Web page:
Such lost connections to rock touchstones are a little disheartening for Spider, a Boston art school dropout who cut his creative teeth by exploring that city's almost-magical rock club music scene from the late 1980s and early 1990s. In those days, Boston had a music scene that featured such legendary clubs as the Rathskeller in Kenmore Square and the Channel near Southie, where homegrown acts such as the Pixies, the Cars and, later, the Dropkick Murphys honed their chops while national acts like the Talking Heads, the Police, Black Flag and the Dead Kennedys built a following through their regular appearances there.
Spider has difficulty explaining how important that experience was to him and his band.
"I feel fortunate that we were there at that time and started the band. … I look back on those years with a special fondness," he said. "It was a time when bands like us could thrive and get record deals. If you look at bands like Sonic Youth and the Butthole Surfers (that came out of that era and environment), they probably wouldn't even have a shot today."
Powerman 5000 emerged from that ultracompetitive environment, releasing the EP "True Force" in 1994 and its debut full-length recording "The Blood-Splat Rating System" in 1996 on. The latter, released on the Dreamworks label, launched the band as a national act and helped pave the way for 1999's "Tonight the Stars Revolt!," which would go on to sell 2 million copies and establish Powerman 5000 as a commercial force. The band hasn't scaled those same heights since then, but it has retained a loyal audience and remains one of the biggest names in metal.
Spider looks back on the mix of circumstances of the band's ascent in the early 1990s and realizes they almost certainly couldn't be duplicated today — in Boston, or anywhere else, for that matter.
"The most important ingredient for it to happen was the absence of the Internet," he said. "And what I mean by that is how the Internet has changed music and monetized it. Nobody ever thinks about that, but what it did is, it killed the local sound. Before music was instantly available through downloads, musical sounds would germinate over the course of years in places like Seattle or Austin. Now, that's just been eliminated. If a band comes out with a unique sound, everybody copies it right away."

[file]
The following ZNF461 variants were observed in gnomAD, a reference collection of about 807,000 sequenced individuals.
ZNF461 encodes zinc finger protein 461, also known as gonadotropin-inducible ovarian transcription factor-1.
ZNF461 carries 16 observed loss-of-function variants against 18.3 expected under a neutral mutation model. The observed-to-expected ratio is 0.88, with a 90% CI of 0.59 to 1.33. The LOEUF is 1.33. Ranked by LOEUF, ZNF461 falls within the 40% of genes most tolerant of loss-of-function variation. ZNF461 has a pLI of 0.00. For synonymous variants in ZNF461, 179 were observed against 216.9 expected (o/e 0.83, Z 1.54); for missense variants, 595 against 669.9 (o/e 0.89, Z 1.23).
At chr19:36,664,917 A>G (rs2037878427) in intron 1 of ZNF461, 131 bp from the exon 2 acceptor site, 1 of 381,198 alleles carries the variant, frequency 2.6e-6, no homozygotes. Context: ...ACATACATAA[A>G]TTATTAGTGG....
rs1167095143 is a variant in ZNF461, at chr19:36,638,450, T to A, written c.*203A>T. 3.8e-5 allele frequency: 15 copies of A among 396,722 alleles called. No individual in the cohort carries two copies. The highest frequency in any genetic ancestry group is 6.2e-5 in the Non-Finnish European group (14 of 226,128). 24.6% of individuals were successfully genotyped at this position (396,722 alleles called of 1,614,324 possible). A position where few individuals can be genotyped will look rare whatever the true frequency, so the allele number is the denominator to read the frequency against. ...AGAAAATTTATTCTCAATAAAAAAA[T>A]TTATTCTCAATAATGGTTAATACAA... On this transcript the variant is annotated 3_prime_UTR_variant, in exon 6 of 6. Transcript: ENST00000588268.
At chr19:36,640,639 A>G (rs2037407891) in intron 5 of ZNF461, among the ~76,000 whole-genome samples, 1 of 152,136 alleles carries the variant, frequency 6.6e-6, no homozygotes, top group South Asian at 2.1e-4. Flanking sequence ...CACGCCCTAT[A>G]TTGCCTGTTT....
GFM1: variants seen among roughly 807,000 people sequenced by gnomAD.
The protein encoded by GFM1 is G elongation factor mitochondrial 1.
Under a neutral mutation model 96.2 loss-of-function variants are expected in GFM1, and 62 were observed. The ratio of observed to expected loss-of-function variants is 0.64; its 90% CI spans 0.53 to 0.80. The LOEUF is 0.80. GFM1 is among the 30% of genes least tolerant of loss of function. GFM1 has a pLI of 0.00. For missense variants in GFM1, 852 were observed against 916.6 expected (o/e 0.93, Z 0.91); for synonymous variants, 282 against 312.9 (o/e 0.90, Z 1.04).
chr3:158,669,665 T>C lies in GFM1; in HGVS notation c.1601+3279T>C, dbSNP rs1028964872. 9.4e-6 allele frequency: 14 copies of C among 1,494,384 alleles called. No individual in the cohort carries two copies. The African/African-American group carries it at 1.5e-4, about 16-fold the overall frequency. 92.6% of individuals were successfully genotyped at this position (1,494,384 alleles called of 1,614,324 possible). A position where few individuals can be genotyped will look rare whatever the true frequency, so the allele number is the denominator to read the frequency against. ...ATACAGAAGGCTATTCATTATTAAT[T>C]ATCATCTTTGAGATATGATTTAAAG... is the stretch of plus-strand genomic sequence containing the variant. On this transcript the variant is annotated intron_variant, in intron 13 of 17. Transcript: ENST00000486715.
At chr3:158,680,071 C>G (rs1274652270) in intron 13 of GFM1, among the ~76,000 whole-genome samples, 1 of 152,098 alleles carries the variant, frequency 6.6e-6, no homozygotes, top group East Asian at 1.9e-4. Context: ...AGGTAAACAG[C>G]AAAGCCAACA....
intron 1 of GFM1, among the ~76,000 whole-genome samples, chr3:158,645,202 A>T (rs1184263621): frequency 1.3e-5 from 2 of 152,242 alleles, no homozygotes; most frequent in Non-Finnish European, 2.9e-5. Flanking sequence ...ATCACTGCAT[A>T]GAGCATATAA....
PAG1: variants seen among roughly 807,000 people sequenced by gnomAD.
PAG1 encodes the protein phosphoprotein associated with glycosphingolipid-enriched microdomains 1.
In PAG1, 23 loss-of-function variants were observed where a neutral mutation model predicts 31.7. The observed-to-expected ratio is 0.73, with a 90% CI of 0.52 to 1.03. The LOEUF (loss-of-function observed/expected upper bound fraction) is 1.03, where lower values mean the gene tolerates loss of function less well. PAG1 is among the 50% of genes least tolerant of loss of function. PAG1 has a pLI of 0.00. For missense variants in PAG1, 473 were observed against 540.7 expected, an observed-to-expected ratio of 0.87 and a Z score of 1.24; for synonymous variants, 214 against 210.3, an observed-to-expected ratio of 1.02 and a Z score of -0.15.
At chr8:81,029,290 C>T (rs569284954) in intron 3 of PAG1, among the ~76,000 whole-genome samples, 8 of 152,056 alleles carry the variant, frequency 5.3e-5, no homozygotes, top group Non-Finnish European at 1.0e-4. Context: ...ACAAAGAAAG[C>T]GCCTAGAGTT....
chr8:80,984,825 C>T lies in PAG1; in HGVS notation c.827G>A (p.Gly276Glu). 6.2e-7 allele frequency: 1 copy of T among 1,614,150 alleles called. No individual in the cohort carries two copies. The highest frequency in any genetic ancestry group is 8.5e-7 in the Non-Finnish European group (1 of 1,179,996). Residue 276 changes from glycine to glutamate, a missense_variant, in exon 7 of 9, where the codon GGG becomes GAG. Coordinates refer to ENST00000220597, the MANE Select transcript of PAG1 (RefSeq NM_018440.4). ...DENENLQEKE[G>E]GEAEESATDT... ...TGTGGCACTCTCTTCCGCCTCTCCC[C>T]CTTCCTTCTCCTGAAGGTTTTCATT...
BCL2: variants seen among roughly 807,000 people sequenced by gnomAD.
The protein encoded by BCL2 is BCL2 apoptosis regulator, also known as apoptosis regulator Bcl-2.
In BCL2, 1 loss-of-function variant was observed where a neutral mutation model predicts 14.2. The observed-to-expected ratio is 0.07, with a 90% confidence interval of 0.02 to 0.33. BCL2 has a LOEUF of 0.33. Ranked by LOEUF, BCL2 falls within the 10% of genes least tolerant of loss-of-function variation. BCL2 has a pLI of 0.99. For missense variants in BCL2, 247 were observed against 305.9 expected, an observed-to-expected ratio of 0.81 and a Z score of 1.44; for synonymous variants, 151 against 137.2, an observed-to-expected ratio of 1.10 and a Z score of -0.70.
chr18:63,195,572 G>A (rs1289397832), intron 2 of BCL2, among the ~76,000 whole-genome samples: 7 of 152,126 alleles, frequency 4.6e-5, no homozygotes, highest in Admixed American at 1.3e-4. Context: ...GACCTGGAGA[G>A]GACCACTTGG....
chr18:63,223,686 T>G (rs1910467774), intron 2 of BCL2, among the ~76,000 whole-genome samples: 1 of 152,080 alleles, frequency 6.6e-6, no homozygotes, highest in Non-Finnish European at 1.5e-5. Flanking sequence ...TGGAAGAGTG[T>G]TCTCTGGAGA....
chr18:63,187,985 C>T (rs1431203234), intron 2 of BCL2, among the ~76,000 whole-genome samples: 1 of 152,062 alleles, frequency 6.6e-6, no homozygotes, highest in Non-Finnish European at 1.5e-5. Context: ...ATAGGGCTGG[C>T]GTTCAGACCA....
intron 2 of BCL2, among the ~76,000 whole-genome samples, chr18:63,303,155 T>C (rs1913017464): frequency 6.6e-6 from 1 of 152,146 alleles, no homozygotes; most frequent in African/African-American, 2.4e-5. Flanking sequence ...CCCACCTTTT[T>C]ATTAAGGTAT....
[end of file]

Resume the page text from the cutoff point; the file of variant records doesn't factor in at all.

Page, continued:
As a result, there's little or no musical distinction left between regions, Spider said, something that used to serve as a hallmark of American popular music.
"We didn't know what was going on in Texas music unless we got in a van and drove to Texas and played with Texas musicians," he said.
All is not lost, Spider said, but there's no question those changes have had a negative impact on music.
"There are always going to be good musicians and good bands, and there's always going to be somebody coming up with something unique," he said, drawing a parallel between the music and restaurant businesses, and how the most creative people in both those fields still find a way to mine new territory even as regional distinctions crumble. "But that's kind of sad. And I think that's part of why rock music is struggling so much."
Powerman 5000 anchors a five-band lineup at Saturday night's show at the Top Deck. The bill also includes Rachel Lorin, In My Distress, Courier and Graves of the Monuments. Call 505-325-1563 for details.
Mike Easterling is the night editor of The Daily Times. He can be reached at 505-564-4610.